Tuesday, February 16, 2010
One of the most common questions in my office is, "How does this work? I cannot feel the adjustment?" Vocab for today - complex lever mechanism, adjusting vector, Laws of physics, atlas, Long Head of the Triceps muscle. And does the doctor have a back ache by the end of the day? Yes, but not from bending over, it's from the pulling of the shoulder muscles. No problem! Lots of people hold their adjustment (that's the goal) and the doctor has learned how to exercise and rehab the shoulders well.
Monday, February 15, 2010
I had an elderly patient mention as an aside that her feet hurt all the time. Now, I like to know things, especially about my patients. She had never told me that before, so I was surprised! I suggested that we take a close look at them.
I found that there were a number of bones out of position in her feet. Her mother had experienced painful feet, as had her grandmother, so it seemed to be hereditary. But we decided to give the feet four weeks of special attention. Since everything else had cleared up, it seemed appropriate.
Sure enough, by the end of the second week, things were beginning to feel better, and by the fourth week, feet were stable and there was no more problem. So for three generations, there were sore feet waiting for the right person to come along and recognize the problem.
Interestingly enough, that's one foot case that didn't respond directly to the spinal correction. Sometimes, when we correct the balance of the spine, the foot bones move right back into position. When they do not, chiropractic has the right tools for finishing the work.
So, next time you see someone with foot pain, ask, "What's the status of your atlas?"
Monday, February 8, 2010
Some health care practitioners specialize in particular body parts, like feet, knees, shoulders. I like to look at how the painful body part fits into the whole body. When you look at the whole body as a complete unit, you can see how dependent one part is on another to feel good.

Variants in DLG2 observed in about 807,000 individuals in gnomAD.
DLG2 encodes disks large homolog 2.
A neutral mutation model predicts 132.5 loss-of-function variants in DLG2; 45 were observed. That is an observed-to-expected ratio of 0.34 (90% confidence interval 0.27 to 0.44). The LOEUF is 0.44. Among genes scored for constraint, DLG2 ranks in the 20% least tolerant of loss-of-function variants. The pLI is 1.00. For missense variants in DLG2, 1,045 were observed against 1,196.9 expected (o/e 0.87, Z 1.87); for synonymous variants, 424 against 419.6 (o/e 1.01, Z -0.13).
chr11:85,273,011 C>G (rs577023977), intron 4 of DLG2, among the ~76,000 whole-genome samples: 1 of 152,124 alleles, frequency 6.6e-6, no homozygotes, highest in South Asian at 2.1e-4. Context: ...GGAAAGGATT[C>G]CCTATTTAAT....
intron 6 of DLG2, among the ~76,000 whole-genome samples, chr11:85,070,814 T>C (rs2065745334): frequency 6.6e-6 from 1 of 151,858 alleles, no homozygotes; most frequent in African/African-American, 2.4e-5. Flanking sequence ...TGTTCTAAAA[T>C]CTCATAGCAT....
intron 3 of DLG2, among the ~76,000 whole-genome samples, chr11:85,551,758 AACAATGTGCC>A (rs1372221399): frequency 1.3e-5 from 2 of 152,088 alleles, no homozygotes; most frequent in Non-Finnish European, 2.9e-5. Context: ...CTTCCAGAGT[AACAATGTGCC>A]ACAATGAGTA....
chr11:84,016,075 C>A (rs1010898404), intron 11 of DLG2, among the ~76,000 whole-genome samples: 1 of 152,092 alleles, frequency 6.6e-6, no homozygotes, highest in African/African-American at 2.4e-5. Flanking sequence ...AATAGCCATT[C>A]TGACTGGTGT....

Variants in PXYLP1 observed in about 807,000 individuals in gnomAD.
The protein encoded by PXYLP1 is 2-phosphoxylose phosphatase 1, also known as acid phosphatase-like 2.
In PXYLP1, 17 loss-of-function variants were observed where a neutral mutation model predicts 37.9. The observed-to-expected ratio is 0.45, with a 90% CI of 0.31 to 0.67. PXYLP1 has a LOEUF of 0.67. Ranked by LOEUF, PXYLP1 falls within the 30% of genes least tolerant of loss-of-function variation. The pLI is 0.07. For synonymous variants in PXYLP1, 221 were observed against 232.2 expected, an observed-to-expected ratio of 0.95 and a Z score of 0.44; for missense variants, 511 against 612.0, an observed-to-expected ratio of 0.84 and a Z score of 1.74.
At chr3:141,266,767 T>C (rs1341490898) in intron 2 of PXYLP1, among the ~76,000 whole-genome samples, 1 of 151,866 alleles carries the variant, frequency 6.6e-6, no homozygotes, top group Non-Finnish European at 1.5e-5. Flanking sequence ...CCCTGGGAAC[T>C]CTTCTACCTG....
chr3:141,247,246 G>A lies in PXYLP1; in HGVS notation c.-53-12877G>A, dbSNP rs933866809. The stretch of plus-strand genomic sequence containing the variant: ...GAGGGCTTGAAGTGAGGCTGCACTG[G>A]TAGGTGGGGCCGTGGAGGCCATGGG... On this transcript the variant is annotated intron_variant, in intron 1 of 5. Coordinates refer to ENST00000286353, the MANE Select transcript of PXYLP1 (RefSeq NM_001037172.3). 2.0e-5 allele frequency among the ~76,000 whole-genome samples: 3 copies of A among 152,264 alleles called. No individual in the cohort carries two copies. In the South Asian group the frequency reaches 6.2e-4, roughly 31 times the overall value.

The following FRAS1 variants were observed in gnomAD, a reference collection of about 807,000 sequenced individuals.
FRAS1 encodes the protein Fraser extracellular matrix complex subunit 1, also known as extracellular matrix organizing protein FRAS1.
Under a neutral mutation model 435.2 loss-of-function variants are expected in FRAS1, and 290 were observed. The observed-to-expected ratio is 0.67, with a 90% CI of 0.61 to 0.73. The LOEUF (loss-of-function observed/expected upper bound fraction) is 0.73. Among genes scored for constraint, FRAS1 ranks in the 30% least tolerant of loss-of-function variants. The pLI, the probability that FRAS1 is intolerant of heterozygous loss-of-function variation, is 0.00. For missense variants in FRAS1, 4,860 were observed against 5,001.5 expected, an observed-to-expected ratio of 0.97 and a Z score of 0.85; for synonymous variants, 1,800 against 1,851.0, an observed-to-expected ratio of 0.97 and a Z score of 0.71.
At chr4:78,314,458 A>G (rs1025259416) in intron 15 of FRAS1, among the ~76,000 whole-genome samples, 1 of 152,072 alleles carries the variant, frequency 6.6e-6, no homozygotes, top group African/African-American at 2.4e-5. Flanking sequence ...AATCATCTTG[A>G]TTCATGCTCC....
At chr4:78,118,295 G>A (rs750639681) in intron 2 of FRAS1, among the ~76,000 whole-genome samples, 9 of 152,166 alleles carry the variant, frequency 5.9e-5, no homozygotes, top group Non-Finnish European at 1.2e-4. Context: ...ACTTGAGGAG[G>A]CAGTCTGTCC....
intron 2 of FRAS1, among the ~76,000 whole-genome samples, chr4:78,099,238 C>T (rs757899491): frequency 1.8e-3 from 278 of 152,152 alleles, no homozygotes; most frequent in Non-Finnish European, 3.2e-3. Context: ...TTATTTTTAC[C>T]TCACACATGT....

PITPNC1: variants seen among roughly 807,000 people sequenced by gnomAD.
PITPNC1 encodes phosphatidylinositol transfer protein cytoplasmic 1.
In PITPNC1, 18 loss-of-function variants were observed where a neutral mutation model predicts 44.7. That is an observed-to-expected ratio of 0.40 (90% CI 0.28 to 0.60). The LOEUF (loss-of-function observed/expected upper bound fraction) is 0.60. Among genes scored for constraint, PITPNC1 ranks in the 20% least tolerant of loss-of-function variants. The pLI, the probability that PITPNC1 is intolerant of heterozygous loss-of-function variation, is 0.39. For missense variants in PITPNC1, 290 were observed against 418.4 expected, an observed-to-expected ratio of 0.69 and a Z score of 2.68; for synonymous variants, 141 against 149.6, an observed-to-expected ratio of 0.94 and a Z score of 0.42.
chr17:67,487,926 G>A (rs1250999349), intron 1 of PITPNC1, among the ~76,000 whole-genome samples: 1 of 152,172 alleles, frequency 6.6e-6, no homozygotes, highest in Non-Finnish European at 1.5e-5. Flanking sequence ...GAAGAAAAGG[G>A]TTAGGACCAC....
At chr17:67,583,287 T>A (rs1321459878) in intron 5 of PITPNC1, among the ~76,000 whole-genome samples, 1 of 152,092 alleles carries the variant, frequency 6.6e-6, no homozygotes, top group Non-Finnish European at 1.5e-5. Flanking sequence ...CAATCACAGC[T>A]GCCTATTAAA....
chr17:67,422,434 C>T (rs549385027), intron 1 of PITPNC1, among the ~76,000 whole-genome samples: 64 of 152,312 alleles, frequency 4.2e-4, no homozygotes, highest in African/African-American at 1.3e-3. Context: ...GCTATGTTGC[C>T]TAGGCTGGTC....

Look at this artist's rendering of some of the 'ropes' and 'pulleys' that support and move the shoulder.
Can you see how dependent the shoulder is on the neck and the ribs? What would happen to the shoulder if the system that supports it is out of alignment? Do you think the shoulder would suffer abnormal tensions and starts hurting?
One remedy for shoulder pain is simply bringing balance back to the head/neck/back. One of the most efficient ways to do this is through correcting what is called the atlas subluxation complex. That means the relation between the head, the atlas, and the neck below has gone off, so it's called a subluxation complex. When we correct that, the entire body will balance better. Can you see that once the body is balanced, the shoulders will move back into position?
One patient had a car accident that, among other things, shoved the entire shoulder down the back, so that it was about two inches below the other. When we corrected the atlas subluxation complex, the shoulder moved itself right back into position, even with the other.
Next time you see someone with shoulder pain, ask them the question, "What's the status of your atlas?"
Monday, February 1, 2010
Aside from the usual speech impediments brought on by a 6 A.M. alarm clock, or the trouble one feels when the child asks, "Where do babies come from?", there are some causes of voice problems that are simply structural.
Look at this picture of some of the muscles that suspend the vocal apparatus! Can you see that some of these muscles begin up in the head, and some of them attach to the ribs below? What would happen if the bones in the head are not balanced and in position? What would happen if the ribs have been pushed out of alignment? Do you think it could affect the voice?
It sure can, and I have an interesting story to tell about how this happened to one person and how we got it fixed.
For the past ten years, her voice was getting worse. All the medical treatments were exhausted, including vocal therapy. But from the perspective of the upper cervical chiropractic world, we had a serious problem affecting not only the neck, but the entire body musculature.
We call it the atlas subluxation complex, and it involves the head and neck being off line - in short, the head isn't on straight. It is measurable and in most cases, correctible.
Which is what we did. The muscles relaxed, everything went back into position, and now the voice is returning.
Next time something is found to be wrong, ask the question, "What's the status of the atlas?" It might shed some light on the problem!